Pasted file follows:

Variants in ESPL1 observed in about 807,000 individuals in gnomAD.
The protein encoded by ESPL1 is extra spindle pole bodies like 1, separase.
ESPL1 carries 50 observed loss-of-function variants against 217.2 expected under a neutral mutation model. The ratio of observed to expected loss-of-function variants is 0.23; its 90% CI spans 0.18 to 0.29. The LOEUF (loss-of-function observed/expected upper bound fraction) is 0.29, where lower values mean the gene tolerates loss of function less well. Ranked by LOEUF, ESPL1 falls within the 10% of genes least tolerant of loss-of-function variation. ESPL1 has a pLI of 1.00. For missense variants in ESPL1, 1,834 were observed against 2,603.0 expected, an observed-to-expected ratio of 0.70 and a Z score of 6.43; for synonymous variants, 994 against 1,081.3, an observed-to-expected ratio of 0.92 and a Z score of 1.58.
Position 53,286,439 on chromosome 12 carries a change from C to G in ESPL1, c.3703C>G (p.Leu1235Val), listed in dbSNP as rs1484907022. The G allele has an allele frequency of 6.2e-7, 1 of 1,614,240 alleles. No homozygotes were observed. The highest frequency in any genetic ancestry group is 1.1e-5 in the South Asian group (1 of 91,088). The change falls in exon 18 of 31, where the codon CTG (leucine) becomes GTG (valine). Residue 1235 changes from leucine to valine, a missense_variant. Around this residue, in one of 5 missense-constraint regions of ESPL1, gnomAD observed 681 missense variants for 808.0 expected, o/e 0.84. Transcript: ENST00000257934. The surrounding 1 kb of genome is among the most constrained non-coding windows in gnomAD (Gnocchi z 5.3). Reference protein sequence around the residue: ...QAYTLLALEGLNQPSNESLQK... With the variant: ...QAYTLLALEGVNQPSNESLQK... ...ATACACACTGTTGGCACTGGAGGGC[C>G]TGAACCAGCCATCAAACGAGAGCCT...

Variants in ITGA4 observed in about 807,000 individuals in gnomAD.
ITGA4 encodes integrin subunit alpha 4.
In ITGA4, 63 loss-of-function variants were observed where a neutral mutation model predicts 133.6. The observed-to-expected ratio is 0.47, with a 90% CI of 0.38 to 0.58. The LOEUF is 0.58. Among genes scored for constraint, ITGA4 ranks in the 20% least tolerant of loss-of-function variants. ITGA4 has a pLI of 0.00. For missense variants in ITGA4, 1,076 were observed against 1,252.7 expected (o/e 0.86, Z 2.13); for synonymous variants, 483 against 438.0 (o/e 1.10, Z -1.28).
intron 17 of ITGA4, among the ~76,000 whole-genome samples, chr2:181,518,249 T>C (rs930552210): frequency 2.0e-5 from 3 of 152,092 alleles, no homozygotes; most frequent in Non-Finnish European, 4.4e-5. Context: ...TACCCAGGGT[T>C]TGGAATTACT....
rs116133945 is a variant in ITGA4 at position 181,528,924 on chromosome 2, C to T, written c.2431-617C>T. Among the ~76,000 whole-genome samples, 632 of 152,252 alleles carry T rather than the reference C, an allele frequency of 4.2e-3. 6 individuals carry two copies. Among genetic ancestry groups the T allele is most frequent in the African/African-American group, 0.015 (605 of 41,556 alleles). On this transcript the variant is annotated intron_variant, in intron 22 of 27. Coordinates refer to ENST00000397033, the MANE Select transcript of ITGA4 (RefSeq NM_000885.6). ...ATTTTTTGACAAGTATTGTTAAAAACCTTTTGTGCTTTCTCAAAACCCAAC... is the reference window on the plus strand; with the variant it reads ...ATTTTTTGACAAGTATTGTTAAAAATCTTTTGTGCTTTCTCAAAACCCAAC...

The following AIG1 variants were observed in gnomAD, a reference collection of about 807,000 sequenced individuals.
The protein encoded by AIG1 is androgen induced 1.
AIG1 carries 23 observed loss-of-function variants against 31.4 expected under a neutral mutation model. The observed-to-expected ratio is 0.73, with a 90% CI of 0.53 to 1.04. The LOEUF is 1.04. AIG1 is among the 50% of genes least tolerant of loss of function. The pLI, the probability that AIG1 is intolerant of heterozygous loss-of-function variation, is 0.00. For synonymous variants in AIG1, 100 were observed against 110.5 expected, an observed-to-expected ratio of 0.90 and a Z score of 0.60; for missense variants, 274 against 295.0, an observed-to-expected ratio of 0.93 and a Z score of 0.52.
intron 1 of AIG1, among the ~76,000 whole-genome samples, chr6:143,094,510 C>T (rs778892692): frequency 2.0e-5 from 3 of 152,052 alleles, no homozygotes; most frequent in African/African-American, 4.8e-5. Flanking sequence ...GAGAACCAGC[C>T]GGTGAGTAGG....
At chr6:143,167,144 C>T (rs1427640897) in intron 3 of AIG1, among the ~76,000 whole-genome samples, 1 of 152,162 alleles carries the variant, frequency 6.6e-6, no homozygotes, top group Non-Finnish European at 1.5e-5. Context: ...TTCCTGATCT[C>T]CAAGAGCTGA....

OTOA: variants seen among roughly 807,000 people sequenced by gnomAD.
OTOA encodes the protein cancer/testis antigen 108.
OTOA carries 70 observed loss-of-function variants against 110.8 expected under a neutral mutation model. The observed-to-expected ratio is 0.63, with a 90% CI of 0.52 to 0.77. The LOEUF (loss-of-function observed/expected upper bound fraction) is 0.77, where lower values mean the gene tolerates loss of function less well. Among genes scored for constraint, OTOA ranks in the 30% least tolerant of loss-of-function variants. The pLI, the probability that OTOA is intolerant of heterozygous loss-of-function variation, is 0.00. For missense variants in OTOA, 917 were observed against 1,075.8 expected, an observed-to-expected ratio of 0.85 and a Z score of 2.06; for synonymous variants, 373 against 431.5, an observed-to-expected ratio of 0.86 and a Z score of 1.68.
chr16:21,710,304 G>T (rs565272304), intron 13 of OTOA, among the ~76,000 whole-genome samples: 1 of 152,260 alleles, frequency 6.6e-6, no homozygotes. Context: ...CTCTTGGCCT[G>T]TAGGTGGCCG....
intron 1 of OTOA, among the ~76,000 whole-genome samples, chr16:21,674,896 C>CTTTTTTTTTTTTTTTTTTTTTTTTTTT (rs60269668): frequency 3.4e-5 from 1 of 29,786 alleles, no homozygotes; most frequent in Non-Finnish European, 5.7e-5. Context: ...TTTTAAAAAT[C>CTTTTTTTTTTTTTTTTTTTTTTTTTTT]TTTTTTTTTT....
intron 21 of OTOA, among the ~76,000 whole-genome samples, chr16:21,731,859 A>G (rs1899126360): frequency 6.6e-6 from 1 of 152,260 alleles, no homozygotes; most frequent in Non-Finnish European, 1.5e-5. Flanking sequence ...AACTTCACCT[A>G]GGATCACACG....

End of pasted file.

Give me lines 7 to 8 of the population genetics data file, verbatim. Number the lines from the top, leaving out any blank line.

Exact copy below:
In ITGA4, 63 loss-of-function variants were observed where a neutral mutation model predicts 133.6. The observed-to-expected ratio is 0.47, with a 90% CI of 0.38 to 0.58. The LOEUF is 0.58. Among genes scored for constraint, ITGA4 ranks in the 20% least tolerant of loss-of-function variants. ITGA4 has a pLI of 0.00. For missense variants in ITGA4, 1,076 were observed against 1,252.7 expected (o/e 0.86, Z 2.13); for synonymous variants, 483 against 438.0 (o/e 1.10, Z -1.28).
intron 17 of ITGA4, among the ~76,000 whole-genome samples, chr2:181,518,249 T>C (rs930552210): frequency 2.0e-5 from 3 of 152,092 alleles, no homozygotes; most frequent in Non-Finnish European, 4.4e-5. Context: ...TACCCAGGGT[T>C]TGGAATTACT....